New Windfall Tax Proposals Could Destroy UK Local O&G Production
A new round of windfall taxes would leave the UK facing decades of energy insecurity, heap further costs on consumers, and make the nation more dependent on other countries for gas and oil, Offshore Energies UK warned.
It follows new Labour Party proposals to extend the Energy Profits Levy, known as the windfall tax, by applying it retrospectively and shutting off the exemptions designed to promote investment. The taxes imposed on the companies producing oil and gas in UK waters were increased from 40 percent to 65 percent in May this year – higher than any other industry and the highest rate of tax in the history of the North Sea.
OEUK warned then that imposing sudden new taxes would make the UK seem fiscally unstable and a riskier place to invest, meaning investors would move overseas.
The sector is proud to already contribute many billions of pounds in taxes. It has contributed £375 billion in the past five decades. And now, the UK citizens look to it to keep the nation’s lights on, homes warm, and fuel its transport system as well as help the country become energy independent.
The Energy Profits Levy, implemented from May, is predicted to raise another $6 billion in its first 12 months on top of the $9.4 billion from corporation taxes already expected in 2022/23. This will give the UK government about $15.6 billion towards its current $18 billion support package for consumers.
OEUK outlined three key concerns with the proposals. Namely, any further taxes taken from UK operators would be small compared to what consumers need, but those extra taxes would have a destructive impact on the industry by discouraging investors who would move to other countries, and if investment declined, then production would plummet – creating a disaster for UK energy security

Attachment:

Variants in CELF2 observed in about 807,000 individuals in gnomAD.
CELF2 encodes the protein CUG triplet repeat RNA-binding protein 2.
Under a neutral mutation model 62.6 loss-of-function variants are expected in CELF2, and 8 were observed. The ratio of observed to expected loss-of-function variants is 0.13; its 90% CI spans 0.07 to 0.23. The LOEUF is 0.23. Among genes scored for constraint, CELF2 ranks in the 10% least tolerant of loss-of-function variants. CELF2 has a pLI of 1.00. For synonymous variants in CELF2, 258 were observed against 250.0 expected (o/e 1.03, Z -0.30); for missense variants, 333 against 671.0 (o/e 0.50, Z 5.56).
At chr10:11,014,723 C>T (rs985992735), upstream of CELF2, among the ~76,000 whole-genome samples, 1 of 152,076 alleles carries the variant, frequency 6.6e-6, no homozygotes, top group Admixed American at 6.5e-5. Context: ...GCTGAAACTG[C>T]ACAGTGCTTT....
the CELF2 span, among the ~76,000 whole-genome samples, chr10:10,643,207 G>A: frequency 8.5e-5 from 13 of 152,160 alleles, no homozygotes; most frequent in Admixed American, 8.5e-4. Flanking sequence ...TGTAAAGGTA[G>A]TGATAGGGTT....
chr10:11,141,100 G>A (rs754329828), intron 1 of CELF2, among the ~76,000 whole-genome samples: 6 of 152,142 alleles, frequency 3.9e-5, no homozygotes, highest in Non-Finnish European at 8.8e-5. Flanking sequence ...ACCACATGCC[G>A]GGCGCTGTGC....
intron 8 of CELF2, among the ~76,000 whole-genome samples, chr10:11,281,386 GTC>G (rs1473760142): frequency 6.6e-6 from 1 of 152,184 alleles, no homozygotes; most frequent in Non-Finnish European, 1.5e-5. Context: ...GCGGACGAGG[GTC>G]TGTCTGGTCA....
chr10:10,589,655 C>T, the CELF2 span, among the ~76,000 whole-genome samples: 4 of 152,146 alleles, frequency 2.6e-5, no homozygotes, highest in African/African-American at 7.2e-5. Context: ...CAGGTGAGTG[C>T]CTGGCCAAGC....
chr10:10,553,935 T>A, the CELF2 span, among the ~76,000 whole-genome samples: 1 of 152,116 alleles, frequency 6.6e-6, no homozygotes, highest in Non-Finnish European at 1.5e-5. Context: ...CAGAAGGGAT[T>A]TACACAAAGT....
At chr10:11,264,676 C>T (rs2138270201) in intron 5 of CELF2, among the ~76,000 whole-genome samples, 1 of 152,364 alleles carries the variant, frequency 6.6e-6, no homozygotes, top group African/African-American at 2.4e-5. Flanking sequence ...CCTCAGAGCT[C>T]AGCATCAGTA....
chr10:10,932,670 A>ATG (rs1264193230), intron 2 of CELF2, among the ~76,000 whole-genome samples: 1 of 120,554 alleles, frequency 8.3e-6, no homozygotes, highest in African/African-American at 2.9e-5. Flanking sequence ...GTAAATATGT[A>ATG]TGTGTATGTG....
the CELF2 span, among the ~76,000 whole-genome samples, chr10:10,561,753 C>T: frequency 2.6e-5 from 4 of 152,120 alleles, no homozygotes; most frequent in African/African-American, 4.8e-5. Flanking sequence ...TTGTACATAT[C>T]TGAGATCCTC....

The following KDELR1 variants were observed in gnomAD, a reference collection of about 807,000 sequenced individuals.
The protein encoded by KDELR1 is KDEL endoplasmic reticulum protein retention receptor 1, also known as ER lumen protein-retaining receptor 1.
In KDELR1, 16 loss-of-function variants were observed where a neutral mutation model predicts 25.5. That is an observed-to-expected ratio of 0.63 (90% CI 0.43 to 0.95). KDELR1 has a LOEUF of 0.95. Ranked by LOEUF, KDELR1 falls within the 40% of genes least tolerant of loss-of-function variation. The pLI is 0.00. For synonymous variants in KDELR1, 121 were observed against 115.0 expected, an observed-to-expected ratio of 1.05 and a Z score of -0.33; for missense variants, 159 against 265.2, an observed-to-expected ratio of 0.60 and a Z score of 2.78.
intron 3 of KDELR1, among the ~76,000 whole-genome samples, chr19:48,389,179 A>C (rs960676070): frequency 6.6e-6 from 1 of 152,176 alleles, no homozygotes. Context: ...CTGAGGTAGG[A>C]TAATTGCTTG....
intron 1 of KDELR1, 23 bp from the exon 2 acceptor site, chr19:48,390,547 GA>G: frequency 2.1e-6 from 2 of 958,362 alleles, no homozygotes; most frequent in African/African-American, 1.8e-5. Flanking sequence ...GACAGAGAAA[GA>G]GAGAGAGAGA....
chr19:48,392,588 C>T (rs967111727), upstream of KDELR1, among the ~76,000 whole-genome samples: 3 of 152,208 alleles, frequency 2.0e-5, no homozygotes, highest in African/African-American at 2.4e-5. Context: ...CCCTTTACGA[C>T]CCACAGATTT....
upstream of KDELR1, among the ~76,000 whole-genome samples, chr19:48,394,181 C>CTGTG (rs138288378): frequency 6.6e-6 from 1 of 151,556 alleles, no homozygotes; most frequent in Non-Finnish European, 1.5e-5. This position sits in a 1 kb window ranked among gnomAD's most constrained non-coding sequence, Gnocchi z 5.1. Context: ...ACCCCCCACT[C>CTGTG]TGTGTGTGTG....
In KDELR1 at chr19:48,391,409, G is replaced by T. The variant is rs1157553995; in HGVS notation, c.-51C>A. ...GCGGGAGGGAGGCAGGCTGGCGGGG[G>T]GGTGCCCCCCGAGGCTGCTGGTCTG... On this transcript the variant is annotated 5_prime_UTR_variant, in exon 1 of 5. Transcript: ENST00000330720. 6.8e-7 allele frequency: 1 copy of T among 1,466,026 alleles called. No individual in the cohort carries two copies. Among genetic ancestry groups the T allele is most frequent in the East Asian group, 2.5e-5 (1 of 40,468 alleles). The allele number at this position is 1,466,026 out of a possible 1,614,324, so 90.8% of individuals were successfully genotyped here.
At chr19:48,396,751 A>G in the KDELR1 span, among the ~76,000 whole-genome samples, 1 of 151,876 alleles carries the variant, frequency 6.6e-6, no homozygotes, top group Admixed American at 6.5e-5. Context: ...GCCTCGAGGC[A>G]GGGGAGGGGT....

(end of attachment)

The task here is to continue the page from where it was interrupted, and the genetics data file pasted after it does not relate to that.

“The government has a duty to both protect consumers and to ensure national energy security. Labour’s proposals to hit our own producers with further taxes will discourage investment and so risk a rapid decline in UK production.”
“That would mean buying more energy from abroad, increasing the UK’s trade deficit and further risking UK energy security. It comes at the worst possible time for the UK offshore sector, which is still reeling from the introduction of the windfall tax in May,” OEUK’s sustainability director Mike Tholen said.
OEUK is the leading trade body for the UK’s offshore energy industries. Its 400 member organizations employ 200,000 people,10,000 of them offshore, producing energy from oil, gas, and offshore wind. They produce, for example, about 40 percent of the UK’s gas supplies – a vital bulwark against the current global shortages. About 85 percent of UK homes rely on gas for heating. Gas is also essential to produce about 42 percent of UK power.
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